I'm using a grid system for spacial partitioning. If I have moving entities, will I have to reassign every entity to its correct section every frame?
Surely this is inefficient. Have I got the wrong idea?
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First of all, unless you have an exorbitant number of entities, assigning them to a sector on every logic frame is most likely performance-wise negligible.
That said, it sounds like you are in over your head. Either your game doesn't actually need spatial partitioning, or what you are trying to create is too advanced for your level.
The point of spatial partitioning is usually that you can avoid double-looping over all your entities to do collision detection. But that double-loop usually isn't a big issue if you have less than around 1000 entities.
If you plan on having that many entities, then ask yourself: Do the big number improve the gameplay? And do I have the resources to do all the work this requires?
The point of all this is that you should focus your effort, don't solve problems that don't exist, and try to achieve the desired gameplay by as simple means as possible. Stacking on more complexity is easy, retaining a good game while doing so is difficult.
You don't have to check every entity, every frame. You only have to check entities when you move them. Further, since you're using a grid system, you can just check to see if they've crossed a boundary.
For example, if they're currently in grid 5,5 and you have a grid line every 10 units, you only have to do a modulus on their current x and y coordinates to know if they belong in a new grid. This is a pretty fast test.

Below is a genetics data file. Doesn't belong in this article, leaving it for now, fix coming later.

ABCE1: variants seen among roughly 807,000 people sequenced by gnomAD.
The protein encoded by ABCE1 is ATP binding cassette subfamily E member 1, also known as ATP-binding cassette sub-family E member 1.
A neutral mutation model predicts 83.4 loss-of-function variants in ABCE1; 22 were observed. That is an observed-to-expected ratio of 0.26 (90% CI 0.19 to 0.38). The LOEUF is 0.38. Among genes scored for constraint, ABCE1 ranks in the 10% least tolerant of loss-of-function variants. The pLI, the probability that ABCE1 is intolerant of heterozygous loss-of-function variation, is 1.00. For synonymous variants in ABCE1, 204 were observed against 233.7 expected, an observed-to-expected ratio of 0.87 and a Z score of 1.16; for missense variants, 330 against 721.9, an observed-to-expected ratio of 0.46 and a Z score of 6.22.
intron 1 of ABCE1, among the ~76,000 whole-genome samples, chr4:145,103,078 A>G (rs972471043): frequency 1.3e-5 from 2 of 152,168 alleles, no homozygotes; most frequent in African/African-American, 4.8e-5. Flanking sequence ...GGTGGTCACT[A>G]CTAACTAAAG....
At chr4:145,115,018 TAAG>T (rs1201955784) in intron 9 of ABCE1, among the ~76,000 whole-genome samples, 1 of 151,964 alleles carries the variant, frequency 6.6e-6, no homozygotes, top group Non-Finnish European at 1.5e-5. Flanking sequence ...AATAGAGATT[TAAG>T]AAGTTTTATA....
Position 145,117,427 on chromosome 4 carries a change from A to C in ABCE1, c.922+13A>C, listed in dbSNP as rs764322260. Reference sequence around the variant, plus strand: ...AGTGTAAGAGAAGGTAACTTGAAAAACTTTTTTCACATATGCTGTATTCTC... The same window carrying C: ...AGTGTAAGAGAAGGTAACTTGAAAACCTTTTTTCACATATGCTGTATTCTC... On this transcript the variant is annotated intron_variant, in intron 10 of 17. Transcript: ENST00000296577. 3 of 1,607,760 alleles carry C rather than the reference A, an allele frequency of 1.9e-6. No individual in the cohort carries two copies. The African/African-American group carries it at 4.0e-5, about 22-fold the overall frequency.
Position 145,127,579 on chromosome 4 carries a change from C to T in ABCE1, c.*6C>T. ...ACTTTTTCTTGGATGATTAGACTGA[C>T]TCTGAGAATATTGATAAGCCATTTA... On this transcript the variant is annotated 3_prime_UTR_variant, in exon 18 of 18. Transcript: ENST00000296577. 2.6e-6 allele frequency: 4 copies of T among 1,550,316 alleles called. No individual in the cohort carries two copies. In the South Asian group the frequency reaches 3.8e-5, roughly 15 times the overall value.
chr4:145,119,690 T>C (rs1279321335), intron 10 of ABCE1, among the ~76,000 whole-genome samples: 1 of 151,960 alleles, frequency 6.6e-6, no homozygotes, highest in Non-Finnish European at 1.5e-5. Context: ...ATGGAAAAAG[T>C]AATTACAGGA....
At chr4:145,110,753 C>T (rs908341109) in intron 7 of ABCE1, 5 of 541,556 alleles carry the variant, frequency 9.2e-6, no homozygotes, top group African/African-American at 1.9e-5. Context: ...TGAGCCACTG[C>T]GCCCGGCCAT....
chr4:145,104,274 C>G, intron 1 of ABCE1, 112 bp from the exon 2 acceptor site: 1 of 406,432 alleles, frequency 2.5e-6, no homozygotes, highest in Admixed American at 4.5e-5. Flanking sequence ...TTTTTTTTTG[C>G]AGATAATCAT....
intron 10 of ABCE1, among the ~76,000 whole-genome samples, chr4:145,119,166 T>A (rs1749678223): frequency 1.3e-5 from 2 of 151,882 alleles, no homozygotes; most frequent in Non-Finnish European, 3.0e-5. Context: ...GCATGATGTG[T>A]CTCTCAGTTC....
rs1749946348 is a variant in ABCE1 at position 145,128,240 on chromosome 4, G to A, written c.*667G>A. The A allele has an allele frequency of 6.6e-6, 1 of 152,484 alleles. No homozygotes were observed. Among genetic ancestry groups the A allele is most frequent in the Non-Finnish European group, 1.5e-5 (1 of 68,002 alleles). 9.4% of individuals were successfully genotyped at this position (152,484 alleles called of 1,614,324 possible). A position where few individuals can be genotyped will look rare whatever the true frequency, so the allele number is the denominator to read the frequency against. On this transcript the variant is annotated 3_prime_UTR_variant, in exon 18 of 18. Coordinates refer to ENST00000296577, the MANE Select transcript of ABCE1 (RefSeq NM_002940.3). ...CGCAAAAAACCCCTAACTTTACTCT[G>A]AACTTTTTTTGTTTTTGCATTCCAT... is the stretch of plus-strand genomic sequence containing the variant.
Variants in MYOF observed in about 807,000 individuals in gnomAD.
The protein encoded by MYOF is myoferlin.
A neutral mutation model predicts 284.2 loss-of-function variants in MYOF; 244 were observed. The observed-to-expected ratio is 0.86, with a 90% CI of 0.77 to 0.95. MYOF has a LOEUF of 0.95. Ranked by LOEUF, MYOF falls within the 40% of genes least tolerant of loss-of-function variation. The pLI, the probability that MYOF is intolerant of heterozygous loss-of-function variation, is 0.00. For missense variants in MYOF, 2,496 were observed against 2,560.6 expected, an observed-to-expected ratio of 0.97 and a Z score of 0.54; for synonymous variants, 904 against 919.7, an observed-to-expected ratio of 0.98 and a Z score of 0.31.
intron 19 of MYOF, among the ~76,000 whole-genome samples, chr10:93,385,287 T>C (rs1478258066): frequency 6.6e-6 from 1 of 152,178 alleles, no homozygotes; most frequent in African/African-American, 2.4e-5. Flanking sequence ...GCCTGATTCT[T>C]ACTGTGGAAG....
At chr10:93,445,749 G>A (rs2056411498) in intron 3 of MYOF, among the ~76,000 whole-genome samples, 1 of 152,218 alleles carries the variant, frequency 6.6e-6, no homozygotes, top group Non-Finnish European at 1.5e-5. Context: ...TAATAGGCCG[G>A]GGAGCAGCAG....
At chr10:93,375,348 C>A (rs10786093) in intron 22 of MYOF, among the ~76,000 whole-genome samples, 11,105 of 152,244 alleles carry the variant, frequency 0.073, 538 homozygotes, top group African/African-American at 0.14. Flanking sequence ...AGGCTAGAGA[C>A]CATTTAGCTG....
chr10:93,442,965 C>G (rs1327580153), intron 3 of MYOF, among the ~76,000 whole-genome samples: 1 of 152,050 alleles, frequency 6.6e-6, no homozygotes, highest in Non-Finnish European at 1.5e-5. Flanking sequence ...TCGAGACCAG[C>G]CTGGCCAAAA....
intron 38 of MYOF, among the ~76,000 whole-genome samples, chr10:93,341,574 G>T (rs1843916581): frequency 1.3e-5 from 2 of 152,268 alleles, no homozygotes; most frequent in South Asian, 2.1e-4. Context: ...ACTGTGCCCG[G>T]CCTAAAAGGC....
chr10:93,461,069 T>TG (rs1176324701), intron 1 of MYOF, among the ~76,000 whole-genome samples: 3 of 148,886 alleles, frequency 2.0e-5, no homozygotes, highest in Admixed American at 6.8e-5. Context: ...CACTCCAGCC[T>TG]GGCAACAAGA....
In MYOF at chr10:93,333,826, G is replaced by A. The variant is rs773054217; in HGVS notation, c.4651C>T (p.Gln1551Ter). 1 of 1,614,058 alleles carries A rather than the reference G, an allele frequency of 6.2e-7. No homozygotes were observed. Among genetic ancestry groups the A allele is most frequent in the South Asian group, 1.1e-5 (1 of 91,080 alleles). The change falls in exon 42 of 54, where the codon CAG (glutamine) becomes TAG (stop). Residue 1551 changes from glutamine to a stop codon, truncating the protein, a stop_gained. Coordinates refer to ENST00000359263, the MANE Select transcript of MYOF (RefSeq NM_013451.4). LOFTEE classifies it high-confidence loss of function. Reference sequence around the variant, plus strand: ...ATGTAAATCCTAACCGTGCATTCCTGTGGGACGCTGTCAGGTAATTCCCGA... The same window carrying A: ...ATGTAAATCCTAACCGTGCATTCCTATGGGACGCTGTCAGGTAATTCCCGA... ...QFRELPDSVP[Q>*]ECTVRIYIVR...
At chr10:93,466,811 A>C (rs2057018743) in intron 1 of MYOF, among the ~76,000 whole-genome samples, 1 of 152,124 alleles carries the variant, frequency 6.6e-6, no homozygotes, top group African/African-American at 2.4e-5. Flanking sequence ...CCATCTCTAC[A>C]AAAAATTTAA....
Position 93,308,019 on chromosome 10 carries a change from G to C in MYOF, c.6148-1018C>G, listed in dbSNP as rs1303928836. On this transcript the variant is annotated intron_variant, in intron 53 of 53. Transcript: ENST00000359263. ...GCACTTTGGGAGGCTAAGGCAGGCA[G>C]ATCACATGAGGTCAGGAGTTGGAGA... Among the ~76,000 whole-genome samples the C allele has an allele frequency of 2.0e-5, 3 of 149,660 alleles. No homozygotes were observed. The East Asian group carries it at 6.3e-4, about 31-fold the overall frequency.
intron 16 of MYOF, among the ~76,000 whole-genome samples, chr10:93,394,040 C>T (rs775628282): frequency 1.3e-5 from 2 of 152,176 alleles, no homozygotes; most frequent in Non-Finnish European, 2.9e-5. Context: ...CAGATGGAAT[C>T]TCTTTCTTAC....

This does not necessarily have to be as computationally expensive as you imagine. First of all, as you hinted at, you don't have to check every entity; just the ones that are moving. As such it might be wiser to have individual entities update their grid cell in their update method.
As for checking coordinates, there are a few optimizations you could make. For example, say your grid is made up of cells that are 64x64. To figure the coordinates of which cell an entity is in, all you have to do is
y>>6 (try it). This is faster than, say, a grid with cells that are 100x100, where to find out the cell coordinates you would need to do
y/100 and floor the result (or cast into
int if it's not already). Thus it's more efficient on a larger scale to pick cell sizes that are powers of 2 for example.
Although I doubt that this will be a bottleneck (remember premature optimization is the root of all evil), you could also update zones less frequently than on every game tick and maybe even make the rate depend on the maximum/expected speed of any given entity.